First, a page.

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Tow Behind Camper or Motel Rooms


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Got some questions for anyone's input please.  

My lady and I are going to begin taking extended trips out west and north for hunting and sightseeing.  Currently we have a 26' motorhome but there are several issues we don't like - gotta tow a vehicle, gotta crawl over each other to get out of bed, tiny bathroom...  So we are gonna make a change.

We drive a Suburban that we can fit 5 dogs comfortably in their own crates and carry ALL the needed guns, shells, collars, clothes, etc... required to hunt on platforms I built that attatch to the top of the crates.  

I get 17 MPG whether I do 55 or 80.

We are discussing spending $10 - $18000 on a tow behind travel trailer and get exactly what we need in a camper.  We camp a lot locally in the spring and summer so it will get used quite a bit.  We are looking at 2, if not 3, 10 - 14 day trips each year chasing birds and/or scenery for the next 10 years, if not longer.

Is a camper worth this kind of money - initial investment, insurance, annual upkeep, decrease in MPG?  Or should we look into stating in motels and eating in town all the time.

Sorry for rambling - just wanted to give all info I could.  Thanks in advance for your input.

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It's like every other toy you'll buy, only you can determine if "it's worth it or not."

I've been using a pull behind travel trailer for a mobile hunting camp for the last 2.5 years.  I generally like the flexibility it affords us but it's not perfect.  The biggest benefit to me is that I can usually park the thing close to the area I intend to hunt, therefore I'm not driving long distances back and forth from motel to hunting area each day.  It's also nice to have the ability to prepare your own meals rather than eating at some  greasy spoon restaurant every day.

Sometimes there will be a campground near your hunting area but many times there won't be.  Therefore you'll want to equip your rig for camping off the grid.  In my case that meant roof mounted solar panels, dual batteries, portable generator, satellite tv antennae & receiver.  If you plan to camp off the grid get a trailer with the largest holding tank capacities you can to extend your time between dumping stations.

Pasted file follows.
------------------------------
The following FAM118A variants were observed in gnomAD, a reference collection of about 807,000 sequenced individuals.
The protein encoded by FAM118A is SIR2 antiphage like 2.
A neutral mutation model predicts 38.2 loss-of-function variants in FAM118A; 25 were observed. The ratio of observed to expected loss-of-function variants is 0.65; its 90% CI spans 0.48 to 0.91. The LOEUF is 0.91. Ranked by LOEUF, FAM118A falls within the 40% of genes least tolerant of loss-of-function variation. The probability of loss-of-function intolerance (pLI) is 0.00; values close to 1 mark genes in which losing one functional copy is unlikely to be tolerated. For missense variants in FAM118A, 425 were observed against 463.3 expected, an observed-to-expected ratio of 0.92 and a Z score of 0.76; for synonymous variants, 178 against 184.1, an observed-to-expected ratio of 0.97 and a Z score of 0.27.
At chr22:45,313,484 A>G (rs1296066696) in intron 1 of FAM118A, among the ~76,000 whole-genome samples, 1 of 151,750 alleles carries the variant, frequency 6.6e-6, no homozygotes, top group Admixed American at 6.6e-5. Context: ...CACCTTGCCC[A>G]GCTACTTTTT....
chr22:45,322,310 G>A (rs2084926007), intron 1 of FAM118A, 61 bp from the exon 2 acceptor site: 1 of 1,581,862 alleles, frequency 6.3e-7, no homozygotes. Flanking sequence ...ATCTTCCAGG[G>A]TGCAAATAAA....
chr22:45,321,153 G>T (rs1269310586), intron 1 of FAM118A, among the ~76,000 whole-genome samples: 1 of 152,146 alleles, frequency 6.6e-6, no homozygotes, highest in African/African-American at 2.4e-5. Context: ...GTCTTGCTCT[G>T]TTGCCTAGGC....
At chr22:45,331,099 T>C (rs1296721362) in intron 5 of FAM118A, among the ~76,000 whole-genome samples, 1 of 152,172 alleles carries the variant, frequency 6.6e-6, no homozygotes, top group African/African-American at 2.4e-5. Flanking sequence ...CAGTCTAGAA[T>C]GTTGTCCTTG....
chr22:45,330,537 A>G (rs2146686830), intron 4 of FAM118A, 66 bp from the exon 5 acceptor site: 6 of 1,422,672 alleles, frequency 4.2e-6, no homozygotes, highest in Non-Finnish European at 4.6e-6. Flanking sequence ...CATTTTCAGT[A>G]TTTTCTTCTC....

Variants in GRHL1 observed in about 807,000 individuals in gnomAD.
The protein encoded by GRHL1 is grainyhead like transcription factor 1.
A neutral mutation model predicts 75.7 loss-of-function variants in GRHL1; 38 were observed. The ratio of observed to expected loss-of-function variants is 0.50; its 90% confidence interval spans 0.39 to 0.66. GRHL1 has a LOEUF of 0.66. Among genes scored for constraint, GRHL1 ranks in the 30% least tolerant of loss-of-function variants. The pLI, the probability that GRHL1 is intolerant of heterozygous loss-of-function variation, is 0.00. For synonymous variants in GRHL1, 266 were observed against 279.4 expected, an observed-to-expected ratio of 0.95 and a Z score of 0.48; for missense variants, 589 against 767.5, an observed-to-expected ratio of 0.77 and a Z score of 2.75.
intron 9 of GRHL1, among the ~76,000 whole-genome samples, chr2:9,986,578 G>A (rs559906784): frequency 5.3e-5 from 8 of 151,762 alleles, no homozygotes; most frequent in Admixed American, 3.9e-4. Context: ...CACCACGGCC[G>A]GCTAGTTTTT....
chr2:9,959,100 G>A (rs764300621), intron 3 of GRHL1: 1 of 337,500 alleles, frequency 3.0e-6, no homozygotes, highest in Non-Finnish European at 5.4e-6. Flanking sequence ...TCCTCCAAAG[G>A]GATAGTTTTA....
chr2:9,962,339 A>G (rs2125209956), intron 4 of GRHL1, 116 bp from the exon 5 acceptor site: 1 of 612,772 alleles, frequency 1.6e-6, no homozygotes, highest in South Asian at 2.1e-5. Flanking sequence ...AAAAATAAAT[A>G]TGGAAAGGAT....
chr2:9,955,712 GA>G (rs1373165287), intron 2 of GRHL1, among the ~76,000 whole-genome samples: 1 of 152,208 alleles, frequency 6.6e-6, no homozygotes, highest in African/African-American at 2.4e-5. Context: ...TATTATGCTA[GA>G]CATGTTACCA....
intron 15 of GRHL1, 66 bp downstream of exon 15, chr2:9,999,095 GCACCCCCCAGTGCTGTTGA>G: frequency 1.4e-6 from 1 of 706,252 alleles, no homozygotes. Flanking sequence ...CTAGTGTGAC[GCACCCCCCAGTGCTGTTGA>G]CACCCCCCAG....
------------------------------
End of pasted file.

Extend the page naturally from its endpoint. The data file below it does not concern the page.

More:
Like you mentioned, we use ours in the off season to travel and visit friends and family so it's not just a hunting expense item.

One other benefit I've enjoyed with this trailer is off season scouting.  It's the cat's a$$ for that.  Pull it to an area you think you might like to hunt in the future, spend a few days with the dogs checking out the area in comfort.

Best of luck in your decision making.

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Even when the hotel welcomes hunting dogs, 5 dogs in a hotel is a PITA in my experience, so for that reason alone IMO its worth it.

Look at bigfoot campers if you want a 4 season one

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I think you'd like the camper. Many times depending where you camp you can have the whole place to yourself. The dogs like that. There is also a freedom to go where motels do not, and you are not locked in to a specific place if you want move. You already have the rig to pull it. Main thing in your case is that your wife is happy with it.
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Sorry this is something I think can only be answered yourself. Everyone has that same dilemma, that spends any amount of time chasing birds.
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One more thing that happened to me a couple times is you typically have to make reservations in good areas well in advance of opening week to get rooms.

If that local area is devoid of birds because of local weather like hail you have to drive long distances to hunt. So you are screwed.

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I finally bought a hard-sided camper this past year after considering it for a long time.  We have mostly stayed in motels during our western trips since the late 1980's but did tent camp three years near Pierre.  Two years it was great fun but the third year put me off shoulder season tent camping forever.  Biblical freezing rain and gale force wind for the better part of a week will test anyone's patience even with the best frame tent.